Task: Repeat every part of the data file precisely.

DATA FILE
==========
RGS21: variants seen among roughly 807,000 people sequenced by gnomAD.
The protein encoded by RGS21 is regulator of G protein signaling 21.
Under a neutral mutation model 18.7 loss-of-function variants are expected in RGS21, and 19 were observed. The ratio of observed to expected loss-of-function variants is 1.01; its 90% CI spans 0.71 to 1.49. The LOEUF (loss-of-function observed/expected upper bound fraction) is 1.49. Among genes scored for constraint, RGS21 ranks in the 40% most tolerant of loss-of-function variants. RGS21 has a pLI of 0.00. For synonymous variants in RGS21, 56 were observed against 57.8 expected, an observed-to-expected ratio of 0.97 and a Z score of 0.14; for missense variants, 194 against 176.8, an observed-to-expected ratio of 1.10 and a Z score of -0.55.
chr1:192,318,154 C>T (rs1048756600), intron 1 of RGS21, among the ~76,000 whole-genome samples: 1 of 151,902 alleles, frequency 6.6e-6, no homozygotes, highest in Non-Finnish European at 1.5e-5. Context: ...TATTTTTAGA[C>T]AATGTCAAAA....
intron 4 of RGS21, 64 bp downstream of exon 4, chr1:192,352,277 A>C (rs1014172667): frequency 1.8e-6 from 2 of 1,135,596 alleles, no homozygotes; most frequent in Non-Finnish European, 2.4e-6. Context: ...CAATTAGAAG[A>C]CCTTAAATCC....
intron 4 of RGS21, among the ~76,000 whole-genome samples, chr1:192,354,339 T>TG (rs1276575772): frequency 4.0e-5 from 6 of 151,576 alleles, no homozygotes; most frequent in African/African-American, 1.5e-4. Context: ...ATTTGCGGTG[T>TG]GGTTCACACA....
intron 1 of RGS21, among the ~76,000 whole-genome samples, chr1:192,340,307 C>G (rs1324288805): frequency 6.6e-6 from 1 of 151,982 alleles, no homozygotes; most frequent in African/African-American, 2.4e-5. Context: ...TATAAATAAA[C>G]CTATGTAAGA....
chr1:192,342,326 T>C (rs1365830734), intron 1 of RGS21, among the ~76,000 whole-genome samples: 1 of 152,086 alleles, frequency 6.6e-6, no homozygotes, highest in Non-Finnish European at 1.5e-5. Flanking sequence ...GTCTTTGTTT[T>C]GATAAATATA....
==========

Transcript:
RGS21: variants seen among roughly 807,000 people sequenced by gnomAD.
The protein encoded by RGS21 is regulator of G protein signaling 21.
Under a neutral mutation model 18.7 loss-of-function variants are expected in RGS21, and 19 were observed. The ratio of observed to expected loss-of-function variants is 1.01; its 90% CI spans 0.71 to 1.49. The LOEUF (loss-of-function observed/expected upper bound fraction) is 1.49. Among genes scored for constraint, RGS21 ranks in the 40% most tolerant of loss-of-function variants. RGS21 has a pLI of 0.00. For synonymous variants in RGS21, 56 were observed against 57.8 expected, an observed-to-expected ratio of 0.97 and a Z score of 0.14; for missense variants, 194 against 176.8, an observed-to-expected ratio of 1.10 and a Z score of -0.55.
chr1:192,318,154 C>T (rs1048756600), intron 1 of RGS21, among the ~76,000 whole-genome samples: 1 of 151,902 alleles, frequency 6.6e-6, no homozygotes, highest in Non-Finnish European at 1.5e-5. Context: ...TATTTTTAGA[C>T]AATGTCAAAA....
intron 4 of RGS21, 64 bp downstream of exon 4, chr1:192,352,277 A>C (rs1014172667): frequency 1.8e-6 from 2 of 1,135,596 alleles, no homozygotes; most frequent in Non-Finnish European, 2.4e-6. Context: ...CAATTAGAAG[A>C]CCTTAAATCC....
intron 4 of RGS21, among the ~76,000 whole-genome samples, chr1:192,354,339 T>TG (rs1276575772): frequency 4.0e-5 from 6 of 151,576 alleles, no homozygotes; most frequent in African/African-American, 1.5e-4. Context: ...ATTTGCGGTG[T>TG]GGTTCACACA....
intron 1 of RGS21, among the ~76,000 whole-genome samples, chr1:192,340,307 C>G (rs1324288805): frequency 6.6e-6 from 1 of 151,982 alleles, no homozygotes; most frequent in African/African-American, 2.4e-5. Context: ...TATAAATAAA[C>G]CTATGTAAGA....
chr1:192,342,326 T>C (rs1365830734), intron 1 of RGS21, among the ~76,000 whole-genome samples: 1 of 152,086 alleles, frequency 6.6e-6, no homozygotes, highest in Non-Finnish European at 1.5e-5. Flanking sequence ...GTCTTTGTTT[T>C]GATAAATATA....